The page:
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Chapter 2

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Department
Psychology
Course
PSYB51H3
Professor
Matthias Niemeier
Semester
Summer

Description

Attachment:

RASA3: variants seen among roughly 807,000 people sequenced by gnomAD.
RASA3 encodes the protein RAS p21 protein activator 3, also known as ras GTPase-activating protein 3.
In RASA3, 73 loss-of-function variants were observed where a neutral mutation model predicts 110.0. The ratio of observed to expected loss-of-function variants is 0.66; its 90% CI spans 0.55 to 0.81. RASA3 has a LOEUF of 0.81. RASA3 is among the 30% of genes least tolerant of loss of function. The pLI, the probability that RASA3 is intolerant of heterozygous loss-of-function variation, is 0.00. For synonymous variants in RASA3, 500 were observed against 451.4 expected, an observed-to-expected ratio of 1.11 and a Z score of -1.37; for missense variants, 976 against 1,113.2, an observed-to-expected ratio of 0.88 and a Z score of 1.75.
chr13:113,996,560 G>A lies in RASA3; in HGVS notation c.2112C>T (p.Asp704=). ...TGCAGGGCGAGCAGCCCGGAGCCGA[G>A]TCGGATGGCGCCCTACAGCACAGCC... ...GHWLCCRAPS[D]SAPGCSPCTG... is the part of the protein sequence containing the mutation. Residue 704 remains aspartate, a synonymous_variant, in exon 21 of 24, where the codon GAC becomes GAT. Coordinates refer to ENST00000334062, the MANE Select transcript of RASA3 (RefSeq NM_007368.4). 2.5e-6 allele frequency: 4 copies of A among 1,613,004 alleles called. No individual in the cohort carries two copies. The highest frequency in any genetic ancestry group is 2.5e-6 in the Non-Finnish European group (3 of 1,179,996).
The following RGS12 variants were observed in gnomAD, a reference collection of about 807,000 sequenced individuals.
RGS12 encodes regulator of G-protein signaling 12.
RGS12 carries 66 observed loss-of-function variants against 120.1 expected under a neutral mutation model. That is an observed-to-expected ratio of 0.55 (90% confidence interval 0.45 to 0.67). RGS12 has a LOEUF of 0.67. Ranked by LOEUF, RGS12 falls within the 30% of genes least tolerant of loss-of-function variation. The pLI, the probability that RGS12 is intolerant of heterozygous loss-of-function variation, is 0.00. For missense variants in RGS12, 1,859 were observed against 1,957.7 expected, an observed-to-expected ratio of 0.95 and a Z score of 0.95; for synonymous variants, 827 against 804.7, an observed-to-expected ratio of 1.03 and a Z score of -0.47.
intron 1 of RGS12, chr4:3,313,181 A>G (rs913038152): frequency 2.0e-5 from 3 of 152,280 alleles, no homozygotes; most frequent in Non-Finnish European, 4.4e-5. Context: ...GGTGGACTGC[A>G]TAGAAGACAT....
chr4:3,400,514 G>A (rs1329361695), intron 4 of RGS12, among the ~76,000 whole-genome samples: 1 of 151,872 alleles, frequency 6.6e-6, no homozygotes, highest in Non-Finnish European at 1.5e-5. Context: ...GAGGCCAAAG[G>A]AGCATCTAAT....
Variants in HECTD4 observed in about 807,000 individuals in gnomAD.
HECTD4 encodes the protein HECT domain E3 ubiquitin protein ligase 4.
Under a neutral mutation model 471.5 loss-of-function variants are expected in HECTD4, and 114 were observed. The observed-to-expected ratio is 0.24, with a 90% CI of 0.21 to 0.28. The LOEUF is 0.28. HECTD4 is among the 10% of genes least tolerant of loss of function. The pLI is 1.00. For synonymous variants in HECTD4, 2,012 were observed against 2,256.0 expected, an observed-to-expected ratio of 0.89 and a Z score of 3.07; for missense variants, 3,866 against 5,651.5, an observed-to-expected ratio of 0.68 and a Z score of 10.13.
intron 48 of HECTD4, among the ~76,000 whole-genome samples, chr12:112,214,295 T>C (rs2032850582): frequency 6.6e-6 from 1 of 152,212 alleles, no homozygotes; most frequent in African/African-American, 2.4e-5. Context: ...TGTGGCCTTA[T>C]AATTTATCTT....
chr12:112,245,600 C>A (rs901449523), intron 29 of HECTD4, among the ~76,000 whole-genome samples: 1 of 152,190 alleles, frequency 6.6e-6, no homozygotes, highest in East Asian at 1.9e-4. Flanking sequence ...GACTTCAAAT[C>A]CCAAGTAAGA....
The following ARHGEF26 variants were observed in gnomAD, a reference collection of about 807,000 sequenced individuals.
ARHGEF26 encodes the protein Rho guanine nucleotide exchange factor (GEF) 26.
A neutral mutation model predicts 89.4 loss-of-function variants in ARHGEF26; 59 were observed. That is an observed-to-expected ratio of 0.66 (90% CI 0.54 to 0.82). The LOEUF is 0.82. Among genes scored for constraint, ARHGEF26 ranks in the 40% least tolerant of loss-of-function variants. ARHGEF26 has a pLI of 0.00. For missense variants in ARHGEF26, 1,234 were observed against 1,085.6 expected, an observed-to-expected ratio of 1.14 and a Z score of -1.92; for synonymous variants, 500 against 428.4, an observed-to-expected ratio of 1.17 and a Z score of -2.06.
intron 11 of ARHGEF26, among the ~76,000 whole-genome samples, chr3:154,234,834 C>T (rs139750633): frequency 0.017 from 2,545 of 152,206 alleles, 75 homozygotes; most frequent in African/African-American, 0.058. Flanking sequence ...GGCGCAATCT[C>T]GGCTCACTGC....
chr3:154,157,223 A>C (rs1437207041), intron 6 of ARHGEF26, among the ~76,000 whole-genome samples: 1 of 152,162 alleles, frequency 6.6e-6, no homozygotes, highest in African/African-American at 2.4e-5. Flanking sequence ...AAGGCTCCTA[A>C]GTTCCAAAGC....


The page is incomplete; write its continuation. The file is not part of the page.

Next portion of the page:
Chapter 2 First Steps in Vision: Seeing Stars A Little Light Physics Light is form of electromagnetic radiation energy produced by vibrations of electrically charged material 2 ways to conceptualize light o Wave: oscillation that travels through medium by transferring energy from one particle or point to another without causing any permanent displacement of medium o Photon: quantum of visible light or other form of electromagnetic radiation demonstrating both particle and wave properties Visible light waves have wavelengths between 400 and 700 nanometers o Colour we observe changes from violent at about 400 nm through rainbow up to red at 650 nm In empty space, electromagnetic radiation from a star travels in straight line at speed of light (186 000 miles per second) Once reaches atmosphere, some of starlights photons will be absorbed by encounters with dust, vaporized water, and so on; and some of light will be scattered by particles Absorbed: to take up light, noise, or energy and not transmit it at all Scatter: disperse light in irregular fashion Reflected: to redirect something that strikes surface especially light, sound or heat usually back toward its point of origin Transmit: to convey something from one place to another. Refracted: 1. To alter course of wave of energy that passes into something from another medium, as water does to light entering it from air. 2. To measure degree to refraction in lens or eye Eyes That See Light In order to see stars or anything else, need some type of physiological mechanism for sensing light An eye can form an image of outside world, enabling animals that possess eyes to use light to recognize objects, not just to determine whether light is present and what direction it is coming from Image: picture or likeness Cornea: transparent window into eyeball. Firs tissue light from star will encounter Transparent: allowing light to pass through no interruption so that objects on other side can be clearly seen Cornea is transparent because its made of highly ordered arrangement of fibers and because it contains no blood vessels or blood Cornea has high supply of transparent sensory nerve endings, which are there to force eyes to close and produce tears if cornea is scratched, preserving its transparency External layers of cornea regenerate every 24 hours Aqueous humor: watery fluid in anterior chamber of eye. Fluid derived from blood, fills space immediately behind cornea, supplying oxygen and nutrients to, and removing waste from cornea and crystalline lens Crystalline lens: lens inside eye that enables changing focus Pupil: dark circular opening at center of iris in eye, where light enters eye. Controls amount of light that reaches retina Iris: colored part of eye, consisting of muscular diaphragm surrounding pupil and regulating light entering eye by expanding and contracting pupil Francis Bacon showed that stepping to sun with eyes closed and didnt sneeze. o Guessed that suns light makes eyes water and that moisture seeps into and irritates nose o Current thinking suggests that photic sneeze reflex is result of crossed wires in brain After passing through lens, light enters vitreous chamber, where it will be refracted for 4 and final time by vitreous humor Vitreous humor: transparent fluid that fills vitreous chamber in posterior part of eye o Longest part of journey through eyeball; this chamber comprises 80% of internal volume of eye Retina: light sensitive membrane in back of eye that contains rods and cones, which receive an image from lens and send it to brain through optic nerve Good deal of light becomes lost in eyeball, so only about half a starlight that arrives at the cornea actually reaches retina o Role of retina is to detect light and tell brain abut aspects of light that are related to objects in world Shining Starlight onto Retina Because cornea is highly curved and has higher refractive index than air (1.376 vs. 1), it forms most powerful refractive surface in eye Accommodation: process by which eye changes focus (in which lens gets fatter as gaze is directed toward nearer objects) o Accomplished through contraction of ciliary muscle o When ciliary muscle is relaxed, zonules are stretched and lens is relatively flat eye focused on distant objects o To focus on closer things, ciliary must contract as it reduces tension on zonules and enables lens to bulge o Enables power of lens to vary by as much as 15 diopters Ability to accommodate declines with age starting at 8 and lose 1 diopter of accommodation every 5 years up to age 30 By 40-50, find arms are too short because they can no longer easily accommodate 2.5 diopters Presbyopia: literally old sight. Loss of near vision because of insufficient accommodationo Main reason to look forward to presbyopia is because lesn becomes sclerotic (harder) and capsule that ecircles lens (enabling I to change shape) loses its elasticity Lens is normally transparent because crystallins are packed together very densely and therefore very regular Cataracts: opacity of crystalline lens. Caused by irregularity of cyrstallins o Congenital cataracts are relatively rare; but if are dense, can have devastating effecs on normal visual development if not treated as early as possible Most cataracts discovered by 50, and prevalence of cataracts increases with age so that by70 almost everyone has some loss of transparency To focus on retinal, refractive power of 4 optical components of eye must be perfectly matched to length of eyeball Emmetropia: condition in which there isnt refractive error, because refractive power of eye Is perfectly matched to length of eyeball Refractive errors occur when eyeball is too long or too short relative to power of optical components o If eyeball is too long for optics image of star will be focused in front of retina, and star will thus be see as blur rather than a spot of light o Myopia: condition in which light entering eye is focused in front of retina and distant objects cant be seen sharply